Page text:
In this regard, we need to implement a priority program for mapping and studying marine species and habitats, the DOE signed a contract with the National Institute of Oceanography and Atmospheric Sciences, as well as the Fisheries Organization for continuous physical and chemical monitoring of the Persian Gulf, the Sea of Oman and the Caspian Sea, he highlighted. 

We can benefit from its various advantages while strengthening the marine and coastal environment as well as economic activities in order to achieve sustainable development, he concluded.

 7,000 tons of waste generated daily in northern provinces

Sirous Vatankhah, secretary of energy technologies development headquarters at Science and Technology Vice-presidency, has said that the amount of waste generated in the northern provinces of the country, neighboring the Caspian Sea, is snowballing at a rate of over 7,000 tons a day, accounting for 14 percent of the total daily 50,000 tons of waste produced in the country.

There is a significant relationship between the prevalence of various diseases and the amount of waste generation, which must be considered a "danger sign" that needs urgent measures to contain the issue, he highlighted.

Waste generation per capita in Iran 

In Iran, over 1 million tons of plastic bags are produced annually, while its shelf life is less than 10 minutes, but they remain in nature for hundreds of years. Recently, the Department of Environment has drafted a bill and sent it to the government for approval to reduce the consumption of plastic bags.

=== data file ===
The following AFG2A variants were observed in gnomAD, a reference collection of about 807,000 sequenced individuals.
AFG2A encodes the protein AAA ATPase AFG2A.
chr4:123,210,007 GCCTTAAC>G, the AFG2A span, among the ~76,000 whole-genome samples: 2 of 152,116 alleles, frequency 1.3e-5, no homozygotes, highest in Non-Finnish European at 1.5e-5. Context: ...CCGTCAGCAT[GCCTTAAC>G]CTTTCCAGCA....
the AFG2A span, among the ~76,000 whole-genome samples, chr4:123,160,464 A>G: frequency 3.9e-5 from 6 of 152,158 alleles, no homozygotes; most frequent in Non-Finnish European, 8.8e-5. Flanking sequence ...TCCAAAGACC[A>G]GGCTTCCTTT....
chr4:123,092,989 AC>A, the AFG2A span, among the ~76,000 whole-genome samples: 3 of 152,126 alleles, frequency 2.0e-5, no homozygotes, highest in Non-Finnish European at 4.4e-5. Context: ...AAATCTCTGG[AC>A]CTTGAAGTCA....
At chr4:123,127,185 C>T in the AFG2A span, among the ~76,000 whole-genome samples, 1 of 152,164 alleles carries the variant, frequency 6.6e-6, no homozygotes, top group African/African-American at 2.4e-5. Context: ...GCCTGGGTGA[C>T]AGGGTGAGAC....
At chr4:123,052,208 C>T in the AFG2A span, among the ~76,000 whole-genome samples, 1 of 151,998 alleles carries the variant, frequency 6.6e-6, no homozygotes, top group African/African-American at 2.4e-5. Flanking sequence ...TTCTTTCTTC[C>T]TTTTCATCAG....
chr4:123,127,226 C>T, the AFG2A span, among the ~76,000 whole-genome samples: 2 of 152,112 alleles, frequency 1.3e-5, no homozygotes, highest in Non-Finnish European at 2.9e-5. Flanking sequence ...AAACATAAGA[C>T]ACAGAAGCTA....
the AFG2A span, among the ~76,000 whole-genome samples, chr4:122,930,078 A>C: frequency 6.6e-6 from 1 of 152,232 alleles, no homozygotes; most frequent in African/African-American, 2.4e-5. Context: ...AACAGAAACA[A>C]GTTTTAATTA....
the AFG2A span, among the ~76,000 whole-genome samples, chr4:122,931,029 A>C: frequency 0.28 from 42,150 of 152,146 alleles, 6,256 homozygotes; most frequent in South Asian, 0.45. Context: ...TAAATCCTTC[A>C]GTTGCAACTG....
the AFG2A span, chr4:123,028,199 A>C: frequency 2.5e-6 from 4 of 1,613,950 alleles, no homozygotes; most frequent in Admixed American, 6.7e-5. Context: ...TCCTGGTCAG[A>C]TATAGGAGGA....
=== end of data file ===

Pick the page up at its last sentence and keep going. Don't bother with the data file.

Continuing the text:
Sadr-o-din Alipour, the director of the environment and sustainable development department of Tehran Municipality, has said that over 3,000 tons of plastic waste are generated per day in the country, which reaches 1 million tons in a year.

Ali Moridi, head of soil and water office at the DOE, said in October 2018 that while reduction of waste generation and separation of waste at source are the two major processes in waste management, in Iran the focus is mainly on the last phase of waste management which is waste disposal, which will slow down the path to waste minimization and waste sorting at source.

Although proper waste management could solve the country's environmental problems, the budget requested by the DOE for waste management has not been approved by the Majlis [Iranian parliament], he lamented.

According to a report published by United Nations Industrial Development Organization (UNIDO) in October 2016, waste generation per capita in Iran’s urban areas is about 658 grams per day while Iranian waste generation per capita in rural areas is about 220-340 grams per day. Average Iranian waste generation per capita amounts to some 240 kilograms per year.

The report continues that unfortunately only 7 percent of the waste is separated at the source, 13 percent is recycled and only 2.5 percent of them end up in formal or sanitary landfills and some 77.5 percent of the waste will be burnt or buried in informal landfills located in the countryside or deserts near cities.